[Personal Essay] Up Close and Personal: Dealing with Anxiety [Written By Chasity Pryor]

Image Source: http://mentallyaware.org/wp-content/uploads/2016/03/hello-my-name-is-anxiety.png–

I’ve always had anxiety. For a while, I didn’t know exactly what it was, but I knew that it had the potential to be mentally crippling. It wasn’t until my first semester of college that I found out what it was. After having a panic attack while taking a test, I went to talk to someone about it. But it wasn’t just the panic attack that triggered my need for expert help, it was also my inability to function in rooms full of people, my inability to travel without a companion, not being able to hang with friends without feeling anxious, not being able to speak up about things (just the thought of speaking up would send me into a panic), and so much more. Anxiety affected my school performance. Group work freaked me out because I would have to interact with people. Speaking out loud and standing in front of the class might as well have been punishment. At home, I would stay quiet about certain things for fear of confrontation. I was afraid to ask my parents for things. It freaked me out to have to answer the phone whenever someone called and I couldn’t make phone calls to people because the idea of speaking to someone was scary. I hated answering the door for people. To this day, I can’t go to the mall because of how open and how crowded it gets. Anxiety drives my fear of the dark, my fear of heights, and my fear of moving too fast. I get nervous about ordering food at restaurants. I can’t go to Starbucks without reciting my order in my head multiple times first, just because I don’t want to mess up. Whenever I’m talking to someone and words get jumbled or I mispronounce something, I freak out. This is just a portion of what I had/ have to deal with on a day-to-day basis.

Over the years, I have gotten better at maintaining my anxiety, but I think that it’s important for people to understand that: There is a difference between having anxiety and being nervous.  I always hear people say, “I have anxiety” when really, they are just nervous about something. Anxiety is crippling. The panic attacks are worse. Whenever I have a panic attack, I sweat profusely. My hands shake uncontrollably and there is a lot of pressure on my chest to the point that I feel like I can’t breathe. I get light-headed and I start to breathe heavily. I cry as well because I know what’s happening and sometimes I can’t control it. Anxiety makes me feel like something is seriously wrong. It is a mental disease that a lot of people fail to understand. Whenever I fill out job applications and they ask if we have any mental/physical illnesses, I always write in “Anxiety” because I do consider it to be serious enough to be a mental illness. If you should be prescribed medicine then it’s an illness. I have chosen not to take medicine simply because I don’t like pills and I don’t like feeling like I should depend on a drug to feel better.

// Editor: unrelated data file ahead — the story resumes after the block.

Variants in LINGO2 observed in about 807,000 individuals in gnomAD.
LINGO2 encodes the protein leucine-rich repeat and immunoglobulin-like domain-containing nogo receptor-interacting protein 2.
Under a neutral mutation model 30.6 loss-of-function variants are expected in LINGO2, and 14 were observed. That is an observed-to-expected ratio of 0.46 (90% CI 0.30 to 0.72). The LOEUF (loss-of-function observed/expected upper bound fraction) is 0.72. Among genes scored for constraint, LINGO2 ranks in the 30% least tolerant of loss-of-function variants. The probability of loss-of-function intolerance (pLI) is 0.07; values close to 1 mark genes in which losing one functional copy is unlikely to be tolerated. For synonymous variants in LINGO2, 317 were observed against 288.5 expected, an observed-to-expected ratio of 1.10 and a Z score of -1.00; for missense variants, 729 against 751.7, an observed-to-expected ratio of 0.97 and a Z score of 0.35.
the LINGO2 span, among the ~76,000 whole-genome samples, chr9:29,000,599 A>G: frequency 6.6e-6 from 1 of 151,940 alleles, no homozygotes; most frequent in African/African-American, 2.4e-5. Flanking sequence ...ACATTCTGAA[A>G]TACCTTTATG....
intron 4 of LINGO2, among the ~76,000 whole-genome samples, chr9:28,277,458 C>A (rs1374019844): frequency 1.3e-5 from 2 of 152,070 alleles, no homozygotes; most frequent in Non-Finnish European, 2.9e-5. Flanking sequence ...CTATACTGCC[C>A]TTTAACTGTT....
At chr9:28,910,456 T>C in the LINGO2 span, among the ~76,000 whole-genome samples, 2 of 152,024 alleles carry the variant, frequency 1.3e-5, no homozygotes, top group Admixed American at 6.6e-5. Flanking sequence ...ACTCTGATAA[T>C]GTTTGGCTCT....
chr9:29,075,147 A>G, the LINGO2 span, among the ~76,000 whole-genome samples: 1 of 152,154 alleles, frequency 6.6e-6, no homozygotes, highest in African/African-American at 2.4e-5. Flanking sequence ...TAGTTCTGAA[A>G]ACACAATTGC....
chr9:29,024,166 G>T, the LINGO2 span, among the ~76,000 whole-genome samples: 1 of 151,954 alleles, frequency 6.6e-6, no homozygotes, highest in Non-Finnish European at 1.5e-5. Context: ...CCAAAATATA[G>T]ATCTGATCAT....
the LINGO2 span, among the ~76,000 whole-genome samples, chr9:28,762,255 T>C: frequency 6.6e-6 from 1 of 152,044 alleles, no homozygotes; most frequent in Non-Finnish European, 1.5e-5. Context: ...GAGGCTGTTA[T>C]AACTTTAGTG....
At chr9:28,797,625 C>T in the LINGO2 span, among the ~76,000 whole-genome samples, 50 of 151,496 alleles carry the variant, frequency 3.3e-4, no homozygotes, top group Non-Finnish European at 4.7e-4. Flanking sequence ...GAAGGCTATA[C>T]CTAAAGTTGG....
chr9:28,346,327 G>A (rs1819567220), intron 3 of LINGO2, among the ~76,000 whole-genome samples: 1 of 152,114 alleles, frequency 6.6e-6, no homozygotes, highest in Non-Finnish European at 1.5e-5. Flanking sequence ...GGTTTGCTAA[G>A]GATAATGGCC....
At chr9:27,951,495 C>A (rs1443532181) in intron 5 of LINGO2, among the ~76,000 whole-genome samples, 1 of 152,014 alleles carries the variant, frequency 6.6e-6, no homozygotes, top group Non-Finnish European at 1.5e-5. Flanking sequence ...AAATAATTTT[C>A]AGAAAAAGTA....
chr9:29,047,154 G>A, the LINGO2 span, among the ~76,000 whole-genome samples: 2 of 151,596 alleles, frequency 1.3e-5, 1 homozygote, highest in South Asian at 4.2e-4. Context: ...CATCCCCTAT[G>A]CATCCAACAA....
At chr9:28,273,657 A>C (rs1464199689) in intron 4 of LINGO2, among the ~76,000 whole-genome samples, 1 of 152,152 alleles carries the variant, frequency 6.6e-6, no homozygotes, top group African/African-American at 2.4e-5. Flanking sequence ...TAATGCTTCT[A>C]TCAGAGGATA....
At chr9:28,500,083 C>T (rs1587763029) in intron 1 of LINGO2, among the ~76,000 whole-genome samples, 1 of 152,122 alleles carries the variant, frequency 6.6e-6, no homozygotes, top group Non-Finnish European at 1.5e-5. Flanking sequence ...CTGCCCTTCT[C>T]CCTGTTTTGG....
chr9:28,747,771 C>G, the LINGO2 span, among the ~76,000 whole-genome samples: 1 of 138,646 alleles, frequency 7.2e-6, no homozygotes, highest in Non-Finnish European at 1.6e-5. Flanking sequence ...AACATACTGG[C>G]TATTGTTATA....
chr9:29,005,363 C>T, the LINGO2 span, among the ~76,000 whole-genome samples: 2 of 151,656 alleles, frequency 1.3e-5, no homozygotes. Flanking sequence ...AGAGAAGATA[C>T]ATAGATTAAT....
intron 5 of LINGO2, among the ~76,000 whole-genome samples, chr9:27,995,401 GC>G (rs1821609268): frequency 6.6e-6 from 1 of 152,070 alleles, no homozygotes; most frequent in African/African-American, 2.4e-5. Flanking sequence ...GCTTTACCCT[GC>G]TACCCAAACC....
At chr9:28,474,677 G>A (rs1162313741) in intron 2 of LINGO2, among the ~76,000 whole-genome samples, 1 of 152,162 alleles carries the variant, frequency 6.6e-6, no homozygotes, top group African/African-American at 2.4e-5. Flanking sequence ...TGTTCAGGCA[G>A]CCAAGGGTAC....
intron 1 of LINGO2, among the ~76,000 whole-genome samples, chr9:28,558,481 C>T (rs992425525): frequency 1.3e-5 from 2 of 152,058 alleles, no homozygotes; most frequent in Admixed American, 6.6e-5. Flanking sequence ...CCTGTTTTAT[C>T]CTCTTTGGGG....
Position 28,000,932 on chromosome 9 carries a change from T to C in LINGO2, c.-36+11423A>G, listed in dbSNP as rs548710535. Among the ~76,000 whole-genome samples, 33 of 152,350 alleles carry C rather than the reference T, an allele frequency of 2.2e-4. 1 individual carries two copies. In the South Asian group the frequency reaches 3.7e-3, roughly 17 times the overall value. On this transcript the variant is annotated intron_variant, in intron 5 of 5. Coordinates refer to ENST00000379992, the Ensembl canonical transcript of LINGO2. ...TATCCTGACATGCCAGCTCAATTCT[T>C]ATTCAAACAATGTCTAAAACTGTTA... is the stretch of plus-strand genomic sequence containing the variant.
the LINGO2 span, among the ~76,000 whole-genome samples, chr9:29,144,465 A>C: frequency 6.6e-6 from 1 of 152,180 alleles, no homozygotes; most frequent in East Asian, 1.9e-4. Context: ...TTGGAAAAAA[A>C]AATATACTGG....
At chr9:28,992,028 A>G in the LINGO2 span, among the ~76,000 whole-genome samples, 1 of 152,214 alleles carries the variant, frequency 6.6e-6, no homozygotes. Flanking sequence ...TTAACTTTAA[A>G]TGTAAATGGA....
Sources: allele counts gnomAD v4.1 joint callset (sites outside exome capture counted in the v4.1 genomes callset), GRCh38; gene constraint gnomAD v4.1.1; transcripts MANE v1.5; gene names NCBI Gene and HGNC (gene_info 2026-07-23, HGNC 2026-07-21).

It’s been awhile since my last panic attack. As I’ve gotten older, I’ve learned to control my anxiety. That requires a lot more than just mentally telling me to calm down. It is important to have good people around you who are aware of your illness and are trained to be able to help you deal with it. Luckily, I found someone who helps me. Of course, I still struggle with a lot of things (still can’t call people without freaking out lol) but it’s gotten better. I just want other people with anxiety to know that I get it. I know what it’s like to freak out while taking a test and to not feel like getting out of bed some days. I know what it’s like to walk around feeling like you are suffocating, or to be around friends and family and feeling like your suffocating. Hell, to be alone and feeling like you’re are suffocating. I know.

Understand that anxiety is not something to just joke around with. Not everything that happens to you can be labeled as “anxiety” and it really upsets me to hear people throw that term around so loosely. And I really hate it when people treat anxiety as if it’s not serious. It’s almost like a joke to some people and that’s because they’ve never experienced it. Just because you can’t “see” it doesn’t mean that it’s not real.

The purpose of this is not to offer advice on how to deal with anxiety because I haven’t completely figured it out. Not all anxiety is the same, it’s worse for some people. I just want to offer a different perspective on it as a mental illness and shed some light on just how detrimental it can be.

I also want to encourage you all to share your experiences. I think that it’s important to talk to people who know what you are going through.

Leave a comment down below if you have any questions or if you want to talk.

Want it to be a bit more personal? Just send me an email to pryorchasity@icloud.com

Also check out this article that talks a bit more about anxiety: http://mentallyaware.org/anxiety-disorder/

With Love,

Chasity P.

Disclaimer: I am not a professional.